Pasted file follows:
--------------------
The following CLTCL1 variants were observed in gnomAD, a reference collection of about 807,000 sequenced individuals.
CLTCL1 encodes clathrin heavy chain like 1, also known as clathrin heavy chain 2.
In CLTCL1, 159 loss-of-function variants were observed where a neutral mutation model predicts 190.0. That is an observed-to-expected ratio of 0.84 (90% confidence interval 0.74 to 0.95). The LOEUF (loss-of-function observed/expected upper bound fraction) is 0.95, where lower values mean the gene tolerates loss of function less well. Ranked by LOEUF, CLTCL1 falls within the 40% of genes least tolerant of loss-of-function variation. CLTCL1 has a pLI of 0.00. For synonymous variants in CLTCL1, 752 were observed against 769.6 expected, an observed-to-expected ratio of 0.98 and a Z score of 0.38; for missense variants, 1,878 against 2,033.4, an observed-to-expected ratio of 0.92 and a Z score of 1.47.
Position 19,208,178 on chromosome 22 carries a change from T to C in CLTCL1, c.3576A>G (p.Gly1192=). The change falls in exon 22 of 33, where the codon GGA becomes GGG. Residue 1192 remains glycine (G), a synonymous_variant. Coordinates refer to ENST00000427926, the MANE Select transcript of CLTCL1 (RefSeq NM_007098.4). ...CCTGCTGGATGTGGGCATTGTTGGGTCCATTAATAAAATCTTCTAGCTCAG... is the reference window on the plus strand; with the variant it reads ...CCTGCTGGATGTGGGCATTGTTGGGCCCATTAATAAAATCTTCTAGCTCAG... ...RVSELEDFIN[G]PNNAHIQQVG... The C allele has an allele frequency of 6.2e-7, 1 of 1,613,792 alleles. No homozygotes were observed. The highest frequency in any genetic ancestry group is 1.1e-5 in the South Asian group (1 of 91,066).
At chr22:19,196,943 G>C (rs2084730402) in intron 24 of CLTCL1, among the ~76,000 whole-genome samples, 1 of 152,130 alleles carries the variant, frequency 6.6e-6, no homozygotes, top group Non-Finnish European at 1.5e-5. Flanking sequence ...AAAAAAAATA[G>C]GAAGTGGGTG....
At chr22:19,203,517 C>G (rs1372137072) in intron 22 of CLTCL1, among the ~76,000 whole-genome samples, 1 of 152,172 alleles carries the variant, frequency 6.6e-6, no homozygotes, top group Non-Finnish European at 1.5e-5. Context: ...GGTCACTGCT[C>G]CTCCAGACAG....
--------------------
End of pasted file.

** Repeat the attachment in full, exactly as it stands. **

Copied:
The following CLTCL1 variants were observed in gnomAD, a reference collection of about 807,000 sequenced individuals.
CLTCL1 encodes clathrin heavy chain like 1, also known as clathrin heavy chain 2.
In CLTCL1, 159 loss-of-function variants were observed where a neutral mutation model predicts 190.0. That is an observed-to-expected ratio of 0.84 (90% confidence interval 0.74 to 0.95). The LOEUF (loss-of-function observed/expected upper bound fraction) is 0.95, where lower values mean the gene tolerates loss of function less well. Ranked by LOEUF, CLTCL1 falls within the 40% of genes least tolerant of loss-of-function variation. CLTCL1 has a pLI of 0.00. For synonymous variants in CLTCL1, 752 were observed against 769.6 expected, an observed-to-expected ratio of 0.98 and a Z score of 0.38; for missense variants, 1,878 against 2,033.4, an observed-to-expected ratio of 0.92 and a Z score of 1.47.
Position 19,208,178 on chromosome 22 carries a change from T to C in CLTCL1, c.3576A>G (p.Gly1192=). The change falls in exon 22 of 33, where the codon GGA becomes GGG. Residue 1192 remains glycine (G), a synonymous_variant. Coordinates refer to ENST00000427926, the MANE Select transcript of CLTCL1 (RefSeq NM_007098.4). ...CCTGCTGGATGTGGGCATTGTTGGGTCCATTAATAAAATCTTCTAGCTCAG... is the reference window on the plus strand; with the variant it reads ...CCTGCTGGATGTGGGCATTGTTGGGCCCATTAATAAAATCTTCTAGCTCAG... ...RVSELEDFIN[G]PNNAHIQQVG... The C allele has an allele frequency of 6.2e-7, 1 of 1,613,792 alleles. No homozygotes were observed. The highest frequency in any genetic ancestry group is 1.1e-5 in the South Asian group (1 of 91,066).
At chr22:19,196,943 G>C (rs2084730402) in intron 24 of CLTCL1, among the ~76,000 whole-genome samples, 1 of 152,130 alleles carries the variant, frequency 6.6e-6, no homozygotes, top group Non-Finnish European at 1.5e-5. Flanking sequence ...AAAAAAAATA[G>C]GAAGTGGGTG....
At chr22:19,203,517 C>G (rs1372137072) in intron 22 of CLTCL1, among the ~76,000 whole-genome samples, 1 of 152,172 alleles carries the variant, frequency 6.6e-6, no homozygotes, top group Non-Finnish European at 1.5e-5. Context: ...GGTCACTGCT[C>G]CTCCAGACAG....